Johnny Ace was one of many Southern artists signed by Don Robey. After his death, Robey greased the publicity wheels and sent Johnny Ace's "Pledging My Love" to number 1 on the Billboard Rhythm and Blues chart - a posthumous hit that helped romanticize the tragedy of his death.

Willie Mae "Big Mama" Thornton was backstage in the dressing room with Johnny Ace had been playing Russian roulette - he'd made a hundred dollar bet, and won. Everyone then went about their business, including Johnny Ace.

"We all left the room and we went back and found Johnny dead", Big Mama recalled. "Word was some gangsters killed him". Whatever the cause of death, Elvis Presley was intrigued with the Johnny Ace affair.

He talked about Ace for years after the incident. Ironically, when Elvis Presley died in August1977, his cover version "Pledging My Love" replaced Charlie Rich's "Rolling With The Flow"as the number 1 on the Billboard Country and Western music chart. Elvis Presley's lifelong obsession with Johnny Ace had added another strange twist to the story of his career.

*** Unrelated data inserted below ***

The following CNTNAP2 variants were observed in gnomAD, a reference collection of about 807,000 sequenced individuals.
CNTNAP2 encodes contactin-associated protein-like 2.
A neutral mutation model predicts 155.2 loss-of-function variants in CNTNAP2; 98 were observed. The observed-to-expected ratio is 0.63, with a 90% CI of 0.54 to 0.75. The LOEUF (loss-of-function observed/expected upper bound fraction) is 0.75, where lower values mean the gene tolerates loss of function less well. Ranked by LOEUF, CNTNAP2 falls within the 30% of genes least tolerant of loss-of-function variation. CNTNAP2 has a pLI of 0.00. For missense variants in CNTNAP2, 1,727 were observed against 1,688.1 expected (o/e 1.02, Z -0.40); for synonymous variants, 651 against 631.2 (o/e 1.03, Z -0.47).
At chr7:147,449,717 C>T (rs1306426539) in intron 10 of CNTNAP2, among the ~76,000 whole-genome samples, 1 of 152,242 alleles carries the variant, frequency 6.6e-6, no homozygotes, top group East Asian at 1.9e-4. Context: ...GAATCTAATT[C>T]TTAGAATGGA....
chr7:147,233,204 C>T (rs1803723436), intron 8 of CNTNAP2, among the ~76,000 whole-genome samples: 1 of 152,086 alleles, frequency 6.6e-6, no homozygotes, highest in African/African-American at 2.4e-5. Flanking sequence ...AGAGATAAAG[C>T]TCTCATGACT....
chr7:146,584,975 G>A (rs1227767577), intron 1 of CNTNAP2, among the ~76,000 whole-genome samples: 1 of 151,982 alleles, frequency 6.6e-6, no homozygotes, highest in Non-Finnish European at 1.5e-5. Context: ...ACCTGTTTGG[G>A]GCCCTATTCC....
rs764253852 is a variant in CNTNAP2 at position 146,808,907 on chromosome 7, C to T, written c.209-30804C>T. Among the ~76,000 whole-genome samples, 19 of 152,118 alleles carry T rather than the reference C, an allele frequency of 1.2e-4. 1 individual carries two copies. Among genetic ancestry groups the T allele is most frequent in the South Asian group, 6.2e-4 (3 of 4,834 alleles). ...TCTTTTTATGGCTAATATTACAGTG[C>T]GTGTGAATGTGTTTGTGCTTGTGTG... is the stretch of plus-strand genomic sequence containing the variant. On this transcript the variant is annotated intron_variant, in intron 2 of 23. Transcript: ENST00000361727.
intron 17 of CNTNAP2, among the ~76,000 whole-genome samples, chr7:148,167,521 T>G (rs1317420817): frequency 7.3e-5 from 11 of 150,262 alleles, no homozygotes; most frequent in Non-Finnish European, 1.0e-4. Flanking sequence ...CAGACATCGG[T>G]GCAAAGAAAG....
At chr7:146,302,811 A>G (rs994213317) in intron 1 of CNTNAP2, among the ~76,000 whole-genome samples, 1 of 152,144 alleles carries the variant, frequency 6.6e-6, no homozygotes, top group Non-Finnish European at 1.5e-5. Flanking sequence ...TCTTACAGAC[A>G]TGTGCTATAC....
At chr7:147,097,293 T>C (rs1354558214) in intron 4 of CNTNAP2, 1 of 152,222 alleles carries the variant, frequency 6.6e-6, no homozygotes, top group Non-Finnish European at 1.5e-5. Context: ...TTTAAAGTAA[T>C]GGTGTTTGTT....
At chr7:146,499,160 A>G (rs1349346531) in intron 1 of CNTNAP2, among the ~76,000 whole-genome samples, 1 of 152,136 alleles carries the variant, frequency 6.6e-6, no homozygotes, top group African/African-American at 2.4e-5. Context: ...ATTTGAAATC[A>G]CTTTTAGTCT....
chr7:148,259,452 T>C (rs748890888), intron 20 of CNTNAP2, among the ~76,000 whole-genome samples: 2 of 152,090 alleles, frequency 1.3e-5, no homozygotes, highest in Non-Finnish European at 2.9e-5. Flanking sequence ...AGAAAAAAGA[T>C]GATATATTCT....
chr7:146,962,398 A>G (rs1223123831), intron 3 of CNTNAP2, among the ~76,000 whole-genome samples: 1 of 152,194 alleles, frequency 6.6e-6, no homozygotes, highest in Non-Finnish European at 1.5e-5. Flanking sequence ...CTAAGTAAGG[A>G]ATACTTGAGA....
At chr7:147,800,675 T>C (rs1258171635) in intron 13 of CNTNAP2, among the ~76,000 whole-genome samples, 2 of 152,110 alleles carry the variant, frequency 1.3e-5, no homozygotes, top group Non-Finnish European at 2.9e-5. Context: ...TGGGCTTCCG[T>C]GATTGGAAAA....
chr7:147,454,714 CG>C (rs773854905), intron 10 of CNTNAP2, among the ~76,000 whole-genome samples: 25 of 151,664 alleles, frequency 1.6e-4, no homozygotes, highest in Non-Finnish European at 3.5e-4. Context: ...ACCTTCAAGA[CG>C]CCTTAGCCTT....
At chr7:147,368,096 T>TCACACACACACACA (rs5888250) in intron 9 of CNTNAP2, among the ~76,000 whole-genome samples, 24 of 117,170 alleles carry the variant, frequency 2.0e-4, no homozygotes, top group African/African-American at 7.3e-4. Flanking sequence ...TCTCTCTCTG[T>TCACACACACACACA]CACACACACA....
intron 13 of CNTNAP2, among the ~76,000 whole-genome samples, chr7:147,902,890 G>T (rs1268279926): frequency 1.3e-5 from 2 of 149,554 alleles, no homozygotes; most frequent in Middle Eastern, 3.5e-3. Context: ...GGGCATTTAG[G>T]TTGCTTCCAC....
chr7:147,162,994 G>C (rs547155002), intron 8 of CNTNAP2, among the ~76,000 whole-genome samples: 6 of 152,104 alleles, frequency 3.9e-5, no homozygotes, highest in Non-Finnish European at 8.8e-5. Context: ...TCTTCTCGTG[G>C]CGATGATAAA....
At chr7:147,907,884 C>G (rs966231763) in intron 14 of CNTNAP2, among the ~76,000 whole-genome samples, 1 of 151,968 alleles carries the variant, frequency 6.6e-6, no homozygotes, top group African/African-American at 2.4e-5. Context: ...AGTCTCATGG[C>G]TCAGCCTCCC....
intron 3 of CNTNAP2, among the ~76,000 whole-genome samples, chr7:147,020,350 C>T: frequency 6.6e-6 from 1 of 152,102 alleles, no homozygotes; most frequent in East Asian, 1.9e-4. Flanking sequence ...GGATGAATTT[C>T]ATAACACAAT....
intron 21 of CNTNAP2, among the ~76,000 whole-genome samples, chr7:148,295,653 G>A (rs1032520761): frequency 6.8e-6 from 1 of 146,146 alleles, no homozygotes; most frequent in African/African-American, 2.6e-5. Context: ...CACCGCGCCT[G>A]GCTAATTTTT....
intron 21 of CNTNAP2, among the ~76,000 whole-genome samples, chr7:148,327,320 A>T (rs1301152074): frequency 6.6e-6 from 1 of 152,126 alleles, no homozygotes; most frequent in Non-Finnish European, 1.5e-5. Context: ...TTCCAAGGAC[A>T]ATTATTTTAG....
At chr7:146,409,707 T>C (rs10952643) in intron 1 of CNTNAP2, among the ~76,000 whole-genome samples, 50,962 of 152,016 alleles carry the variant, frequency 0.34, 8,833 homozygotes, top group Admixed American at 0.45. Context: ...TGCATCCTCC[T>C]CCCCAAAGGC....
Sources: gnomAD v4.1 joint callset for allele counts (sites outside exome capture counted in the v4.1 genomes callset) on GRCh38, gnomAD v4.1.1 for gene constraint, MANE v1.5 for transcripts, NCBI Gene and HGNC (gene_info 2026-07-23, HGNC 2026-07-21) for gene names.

Elvis Presley went to Harry Levitch Jewellers at 176 South Main Street and bought an electric mixer for his mothers' Christmas gift. Harry Levitch was surprised when Elvis returned a few days later and asked for another electric mixer. It too was for his mother, Elvis explained.

She had never owned one before, and now that he could afford it, he wanted her to have one for each end of the kitchen so that she wouldn't have to walk back and firth.


Elvis spent Christmas with his family in their new home at 2414 Lamar Avenue in Memphis. A Memphis brick house rented by the Presley's from December 25 to mid-1955. Their telephone number was 37-4184, as it had been several months earlier. It was within walking distance of Airway's Used Cars. In 1968 the two-story house was converted into the Tiny Tot Nursery School.